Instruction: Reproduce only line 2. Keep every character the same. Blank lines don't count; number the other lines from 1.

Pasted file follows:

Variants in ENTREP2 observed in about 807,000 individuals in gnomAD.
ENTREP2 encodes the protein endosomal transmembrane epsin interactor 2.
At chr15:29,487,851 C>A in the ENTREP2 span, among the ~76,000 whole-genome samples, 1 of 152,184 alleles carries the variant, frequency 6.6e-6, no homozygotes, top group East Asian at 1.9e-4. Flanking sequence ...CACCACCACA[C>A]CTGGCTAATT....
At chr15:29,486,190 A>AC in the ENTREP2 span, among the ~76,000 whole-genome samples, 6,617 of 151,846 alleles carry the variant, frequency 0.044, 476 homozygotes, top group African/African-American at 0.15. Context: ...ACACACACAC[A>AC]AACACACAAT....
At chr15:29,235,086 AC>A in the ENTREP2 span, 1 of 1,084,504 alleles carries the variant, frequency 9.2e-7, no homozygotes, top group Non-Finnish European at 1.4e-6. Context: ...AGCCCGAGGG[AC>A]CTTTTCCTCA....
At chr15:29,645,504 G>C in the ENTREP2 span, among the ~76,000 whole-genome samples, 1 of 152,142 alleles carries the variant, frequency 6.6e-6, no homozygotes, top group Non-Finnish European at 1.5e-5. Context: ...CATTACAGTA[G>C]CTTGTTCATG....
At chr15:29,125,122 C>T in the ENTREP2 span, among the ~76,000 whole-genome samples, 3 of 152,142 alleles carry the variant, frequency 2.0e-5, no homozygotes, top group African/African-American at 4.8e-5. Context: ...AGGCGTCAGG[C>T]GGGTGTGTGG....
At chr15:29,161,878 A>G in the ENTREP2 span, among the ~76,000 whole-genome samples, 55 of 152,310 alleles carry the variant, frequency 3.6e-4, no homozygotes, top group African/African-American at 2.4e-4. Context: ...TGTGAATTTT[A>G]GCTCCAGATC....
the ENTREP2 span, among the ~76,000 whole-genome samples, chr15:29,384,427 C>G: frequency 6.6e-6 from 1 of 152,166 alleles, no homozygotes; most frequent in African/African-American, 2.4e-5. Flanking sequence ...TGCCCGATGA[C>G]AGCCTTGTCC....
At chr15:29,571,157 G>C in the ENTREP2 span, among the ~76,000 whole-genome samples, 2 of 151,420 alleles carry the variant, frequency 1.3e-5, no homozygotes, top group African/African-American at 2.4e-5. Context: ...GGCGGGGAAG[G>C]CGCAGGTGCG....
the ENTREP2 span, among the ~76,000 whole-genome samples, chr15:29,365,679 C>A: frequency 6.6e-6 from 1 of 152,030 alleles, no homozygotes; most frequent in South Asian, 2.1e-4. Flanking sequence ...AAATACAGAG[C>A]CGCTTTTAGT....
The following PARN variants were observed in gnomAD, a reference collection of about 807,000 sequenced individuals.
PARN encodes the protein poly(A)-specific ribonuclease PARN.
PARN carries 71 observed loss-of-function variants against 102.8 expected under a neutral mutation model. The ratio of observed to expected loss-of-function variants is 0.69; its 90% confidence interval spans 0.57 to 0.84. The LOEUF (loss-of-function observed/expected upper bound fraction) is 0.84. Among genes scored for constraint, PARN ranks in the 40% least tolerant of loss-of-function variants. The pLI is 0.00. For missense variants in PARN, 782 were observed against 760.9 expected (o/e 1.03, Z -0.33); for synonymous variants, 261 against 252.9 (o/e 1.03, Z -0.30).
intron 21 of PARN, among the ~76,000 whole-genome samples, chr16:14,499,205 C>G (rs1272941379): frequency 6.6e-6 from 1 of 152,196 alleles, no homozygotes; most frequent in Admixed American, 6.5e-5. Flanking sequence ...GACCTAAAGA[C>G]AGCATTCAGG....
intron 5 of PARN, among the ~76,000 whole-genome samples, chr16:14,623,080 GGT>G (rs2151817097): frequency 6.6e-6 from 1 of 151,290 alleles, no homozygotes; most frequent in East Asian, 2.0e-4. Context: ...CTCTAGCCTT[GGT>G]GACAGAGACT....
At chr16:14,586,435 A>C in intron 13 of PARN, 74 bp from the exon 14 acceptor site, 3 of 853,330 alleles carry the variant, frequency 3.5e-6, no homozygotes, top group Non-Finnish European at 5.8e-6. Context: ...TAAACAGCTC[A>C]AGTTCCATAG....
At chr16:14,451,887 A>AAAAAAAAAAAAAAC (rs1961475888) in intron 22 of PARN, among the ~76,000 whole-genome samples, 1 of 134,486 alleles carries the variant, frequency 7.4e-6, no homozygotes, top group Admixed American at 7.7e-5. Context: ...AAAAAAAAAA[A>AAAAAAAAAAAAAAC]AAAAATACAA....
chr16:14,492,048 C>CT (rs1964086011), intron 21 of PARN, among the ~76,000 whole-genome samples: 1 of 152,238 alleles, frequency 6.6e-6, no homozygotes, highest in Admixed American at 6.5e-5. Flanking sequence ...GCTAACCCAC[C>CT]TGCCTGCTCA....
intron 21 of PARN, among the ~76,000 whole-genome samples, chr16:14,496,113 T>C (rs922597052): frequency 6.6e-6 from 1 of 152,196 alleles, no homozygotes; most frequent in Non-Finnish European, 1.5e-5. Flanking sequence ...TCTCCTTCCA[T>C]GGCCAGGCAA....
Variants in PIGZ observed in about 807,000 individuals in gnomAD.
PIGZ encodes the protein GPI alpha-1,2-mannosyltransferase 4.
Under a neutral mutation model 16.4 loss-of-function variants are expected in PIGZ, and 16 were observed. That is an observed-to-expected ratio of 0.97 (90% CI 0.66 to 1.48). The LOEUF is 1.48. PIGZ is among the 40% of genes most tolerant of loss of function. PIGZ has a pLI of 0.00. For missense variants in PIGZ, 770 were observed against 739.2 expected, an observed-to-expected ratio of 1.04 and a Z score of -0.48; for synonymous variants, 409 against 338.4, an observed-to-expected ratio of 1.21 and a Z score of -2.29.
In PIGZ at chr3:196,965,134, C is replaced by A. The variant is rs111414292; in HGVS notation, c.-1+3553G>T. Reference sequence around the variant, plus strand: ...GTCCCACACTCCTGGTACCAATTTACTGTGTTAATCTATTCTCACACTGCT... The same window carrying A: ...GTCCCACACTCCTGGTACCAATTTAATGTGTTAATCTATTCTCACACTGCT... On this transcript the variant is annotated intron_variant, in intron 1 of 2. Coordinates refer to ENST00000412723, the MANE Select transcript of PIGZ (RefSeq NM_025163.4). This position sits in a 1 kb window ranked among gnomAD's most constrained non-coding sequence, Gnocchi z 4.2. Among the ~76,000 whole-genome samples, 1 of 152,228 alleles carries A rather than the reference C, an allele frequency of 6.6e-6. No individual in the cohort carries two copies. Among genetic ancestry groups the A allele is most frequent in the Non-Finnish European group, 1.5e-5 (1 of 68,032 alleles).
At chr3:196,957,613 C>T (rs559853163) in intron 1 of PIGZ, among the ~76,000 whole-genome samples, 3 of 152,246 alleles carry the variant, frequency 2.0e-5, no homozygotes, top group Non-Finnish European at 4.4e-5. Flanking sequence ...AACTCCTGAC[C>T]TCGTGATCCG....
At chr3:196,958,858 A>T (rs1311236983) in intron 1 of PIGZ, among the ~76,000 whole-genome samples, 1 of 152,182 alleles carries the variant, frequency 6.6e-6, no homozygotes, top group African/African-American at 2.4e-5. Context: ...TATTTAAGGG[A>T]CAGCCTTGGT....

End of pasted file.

ENTREP2 encodes the protein endosomal transmembrane epsin interactor 2.